Two years ago, I blogged about five encrypted 19th century newspaper ads that contain Bible references. Blog reader Thomas Ernst found an interesting solution approach, but so far nobody has deciphered these cryptograms.

The book The Agony Column Codes & Ciphers by Jean Palmer (i.e., Tony Gaffney) is a treasure trove for everybody interested in old cryptograms. To my regret, this work is not available any more in bookshops. I still hope that Tony, who is a reader of this blog, will publish a new edition one day.


The Agony Column Codes & Ciphers presents over a thousand encrypted newspaper advertisements, mainly from 19th century England. Many of these encrypted ads contain love messages. Others were placed by business people in order to send news to partners and customers. Ignatius Pollaky, a private investigator of the Victorian era, communicated via newspaper ads, too.

Tony, who is an excellent codebreaker, has solved most of the cryptograms described in his book. Nevertheless, some still wait to be deciphered. On Klausis Krypto Kolumne I have published many an article about these crypto mysteries. More articles of this kind will certainly follow, as there are still a few nice unsolved ads left.


Five ads in the Morning Post

In 2016, I introduced five encrypted advertisements, which were published in The Morning Post in 1887 and 1888. Here’s the first one (published on an Easter Sunday):


As can be seen, this ad contains a number of Bible references. For instance, the Psalms (Psal), the Epistle to the Romans (Rom), and the Book of Ezekiel (Ezek) are mentioned.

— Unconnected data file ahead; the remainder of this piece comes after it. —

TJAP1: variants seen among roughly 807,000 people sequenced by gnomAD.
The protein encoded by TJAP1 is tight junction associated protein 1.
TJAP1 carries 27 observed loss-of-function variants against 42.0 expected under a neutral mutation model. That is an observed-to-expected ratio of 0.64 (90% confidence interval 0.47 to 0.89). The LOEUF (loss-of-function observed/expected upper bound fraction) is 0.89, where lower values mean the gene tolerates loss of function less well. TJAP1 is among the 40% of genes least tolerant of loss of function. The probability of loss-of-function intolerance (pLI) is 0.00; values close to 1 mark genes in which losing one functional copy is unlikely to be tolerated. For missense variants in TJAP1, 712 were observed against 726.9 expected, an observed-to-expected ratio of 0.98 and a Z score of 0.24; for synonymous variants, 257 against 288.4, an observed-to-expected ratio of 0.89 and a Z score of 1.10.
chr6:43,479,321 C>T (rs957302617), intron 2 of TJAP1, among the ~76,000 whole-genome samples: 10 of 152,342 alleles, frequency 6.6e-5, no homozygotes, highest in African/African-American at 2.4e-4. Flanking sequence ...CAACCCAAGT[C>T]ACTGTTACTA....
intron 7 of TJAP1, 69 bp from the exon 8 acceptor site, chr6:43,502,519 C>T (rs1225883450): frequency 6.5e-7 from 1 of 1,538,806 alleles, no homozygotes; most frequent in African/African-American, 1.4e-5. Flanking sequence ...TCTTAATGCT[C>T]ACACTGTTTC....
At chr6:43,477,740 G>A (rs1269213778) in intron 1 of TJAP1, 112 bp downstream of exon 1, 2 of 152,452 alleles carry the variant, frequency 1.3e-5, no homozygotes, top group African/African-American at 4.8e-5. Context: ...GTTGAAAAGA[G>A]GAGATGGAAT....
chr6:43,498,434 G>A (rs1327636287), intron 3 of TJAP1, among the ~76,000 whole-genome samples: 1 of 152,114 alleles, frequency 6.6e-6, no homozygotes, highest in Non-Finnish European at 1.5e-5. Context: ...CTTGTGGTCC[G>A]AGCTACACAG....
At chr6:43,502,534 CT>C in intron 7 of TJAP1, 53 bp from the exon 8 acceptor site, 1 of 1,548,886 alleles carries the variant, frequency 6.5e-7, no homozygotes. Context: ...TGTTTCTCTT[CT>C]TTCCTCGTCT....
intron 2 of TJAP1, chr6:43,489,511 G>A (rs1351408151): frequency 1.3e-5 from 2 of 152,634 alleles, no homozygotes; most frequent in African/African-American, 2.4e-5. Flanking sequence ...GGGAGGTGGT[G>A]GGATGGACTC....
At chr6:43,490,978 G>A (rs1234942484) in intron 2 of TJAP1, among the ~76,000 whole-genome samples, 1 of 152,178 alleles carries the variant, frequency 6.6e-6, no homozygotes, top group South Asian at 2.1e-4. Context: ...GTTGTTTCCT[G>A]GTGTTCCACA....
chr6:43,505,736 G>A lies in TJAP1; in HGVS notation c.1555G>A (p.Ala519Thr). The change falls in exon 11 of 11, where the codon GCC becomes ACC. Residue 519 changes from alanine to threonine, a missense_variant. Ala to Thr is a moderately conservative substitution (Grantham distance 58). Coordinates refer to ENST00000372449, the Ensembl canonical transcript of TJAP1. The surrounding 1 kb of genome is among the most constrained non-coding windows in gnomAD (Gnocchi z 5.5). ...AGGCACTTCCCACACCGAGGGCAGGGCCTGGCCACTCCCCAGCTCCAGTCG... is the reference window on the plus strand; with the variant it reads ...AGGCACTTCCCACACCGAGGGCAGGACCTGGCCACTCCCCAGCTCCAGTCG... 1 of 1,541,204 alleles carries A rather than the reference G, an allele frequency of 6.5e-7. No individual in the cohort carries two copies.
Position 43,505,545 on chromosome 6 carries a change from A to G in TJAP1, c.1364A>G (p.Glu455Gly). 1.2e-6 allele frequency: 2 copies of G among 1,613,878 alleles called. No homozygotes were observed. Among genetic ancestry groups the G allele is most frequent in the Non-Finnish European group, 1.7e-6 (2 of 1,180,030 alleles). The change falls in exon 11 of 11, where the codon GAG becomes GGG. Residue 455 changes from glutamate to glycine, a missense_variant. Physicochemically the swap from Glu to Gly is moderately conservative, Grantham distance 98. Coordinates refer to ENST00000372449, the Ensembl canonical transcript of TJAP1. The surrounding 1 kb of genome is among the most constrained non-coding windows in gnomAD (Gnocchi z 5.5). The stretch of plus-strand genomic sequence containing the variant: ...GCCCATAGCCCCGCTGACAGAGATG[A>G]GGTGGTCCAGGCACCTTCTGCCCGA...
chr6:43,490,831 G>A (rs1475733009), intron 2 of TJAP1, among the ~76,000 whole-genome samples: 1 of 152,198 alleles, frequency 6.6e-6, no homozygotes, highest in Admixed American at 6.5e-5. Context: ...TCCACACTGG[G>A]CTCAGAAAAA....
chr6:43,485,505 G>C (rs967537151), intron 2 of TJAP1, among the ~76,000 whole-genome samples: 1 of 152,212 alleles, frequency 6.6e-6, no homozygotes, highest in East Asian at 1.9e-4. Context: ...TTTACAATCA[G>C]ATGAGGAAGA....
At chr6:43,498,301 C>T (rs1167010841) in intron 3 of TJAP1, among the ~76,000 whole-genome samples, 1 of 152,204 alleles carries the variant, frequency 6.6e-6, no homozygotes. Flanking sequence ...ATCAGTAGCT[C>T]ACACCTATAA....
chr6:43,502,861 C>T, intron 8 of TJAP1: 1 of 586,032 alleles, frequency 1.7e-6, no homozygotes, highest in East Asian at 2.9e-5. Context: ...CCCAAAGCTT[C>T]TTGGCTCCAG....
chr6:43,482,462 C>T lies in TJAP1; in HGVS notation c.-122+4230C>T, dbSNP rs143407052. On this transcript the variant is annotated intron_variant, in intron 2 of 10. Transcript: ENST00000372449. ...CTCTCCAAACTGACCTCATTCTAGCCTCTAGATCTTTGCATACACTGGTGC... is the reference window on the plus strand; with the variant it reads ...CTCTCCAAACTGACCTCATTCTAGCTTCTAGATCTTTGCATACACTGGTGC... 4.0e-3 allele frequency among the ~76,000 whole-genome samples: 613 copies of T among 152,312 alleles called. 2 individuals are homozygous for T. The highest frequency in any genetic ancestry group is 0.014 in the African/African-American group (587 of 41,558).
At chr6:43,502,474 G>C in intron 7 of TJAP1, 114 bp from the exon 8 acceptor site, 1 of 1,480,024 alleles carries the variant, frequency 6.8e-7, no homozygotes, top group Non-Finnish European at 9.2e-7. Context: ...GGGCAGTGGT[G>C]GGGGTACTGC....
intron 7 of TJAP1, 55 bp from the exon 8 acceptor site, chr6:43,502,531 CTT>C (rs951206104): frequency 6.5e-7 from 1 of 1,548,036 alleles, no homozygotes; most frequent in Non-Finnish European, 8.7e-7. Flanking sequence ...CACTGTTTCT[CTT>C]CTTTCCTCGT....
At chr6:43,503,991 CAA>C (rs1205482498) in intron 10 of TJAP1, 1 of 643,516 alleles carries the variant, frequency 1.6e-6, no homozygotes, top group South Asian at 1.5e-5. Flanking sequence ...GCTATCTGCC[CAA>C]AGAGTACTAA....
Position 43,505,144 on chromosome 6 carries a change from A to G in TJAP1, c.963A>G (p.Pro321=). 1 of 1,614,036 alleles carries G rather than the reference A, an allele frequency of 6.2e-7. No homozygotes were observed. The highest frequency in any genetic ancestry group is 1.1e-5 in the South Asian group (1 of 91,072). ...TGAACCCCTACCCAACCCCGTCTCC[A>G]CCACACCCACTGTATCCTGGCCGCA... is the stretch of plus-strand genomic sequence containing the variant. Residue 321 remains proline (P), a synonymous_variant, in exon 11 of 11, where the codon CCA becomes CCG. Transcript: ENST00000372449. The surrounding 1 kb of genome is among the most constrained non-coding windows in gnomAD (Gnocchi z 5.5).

It is completely unclear to me what the plaintext parts mean. Did the author see a play named “The Aze full”? A Google search for this title didn’t find anything. The words “Aze” and “Hitchor” do not exist in English.

Here’s the second ad:


The first biblical passage referenced (Psalm 32,7-8) reads as follows:

You are my hiding place; you will protect me from trouble and surround me with songs of deliverance. I will instruct you and teach you in the way you should go; I will counsel you with my loving eye on you.

The second reference (Mal 3,6) leads to the following passage:

For I the Lord do not change; therefore you, O children of Jacob, are not consumed.

Here’s the third ad:


This ad consists only of Bible references.

The fourth ad was published in April 1888:


I don’t know what SNTNCES and STONE ALONE mean. The rest of the ad mainly consists of Bible references.

Here’s the last advertisement:


The expressions “Cantt.” and “Oxo” don’t fit to books in the Bible.


What’s behind it?

Who might have placed these ads and for what purpose? My first hypothesis was that these Bible references represent a book code, which would mean that every reference stands for a letter or word in the Bible.

My next guess was that these Bible passages were selected from a theological point of view. Perhaps, they were created by a priest who wanted to provide his parishioners with Bible study instructions. This hypothesis is supported by the fact that one of the ads was published on an Easter Saturday and another one on Christmas Eve.

I also thought it possible that every Bible reference has a precisely defined meaning (e.g., “Matt. 20” means “buy 20 stocks of company XY”). An encryption method of this kind is referred to as Jargon code.

None of these guesses led to anything.

# 1: “2 12 7 8 9 1 12 3 1 17 28 69 19 20 71 5 9 13 31 10 11 29 2 19 12 13 14 42 16 2 9”.

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Kommentare (3)

  1. #1 Jerry McCarthy
    England, Europa.
    18. Oktober 2018

    > The expressions “Cantt.” and “Oxo” don’t fit to books in the Bible.

    However, Cambridge and Oxford are often referred to as “Cantab” and “Oxon” resp.

  2. #2 Thomas
    18. Oktober 2018

    Cantt. = Canticles
    Oxo. may indeed refer to Oxford, e.g. a King James Bible edited there.

    Does anybody know where Gaffney’s Agony Column book is still available?

  3. #3 Sascha
    19. Oktober 2018

    SNTNCES means “sentences”.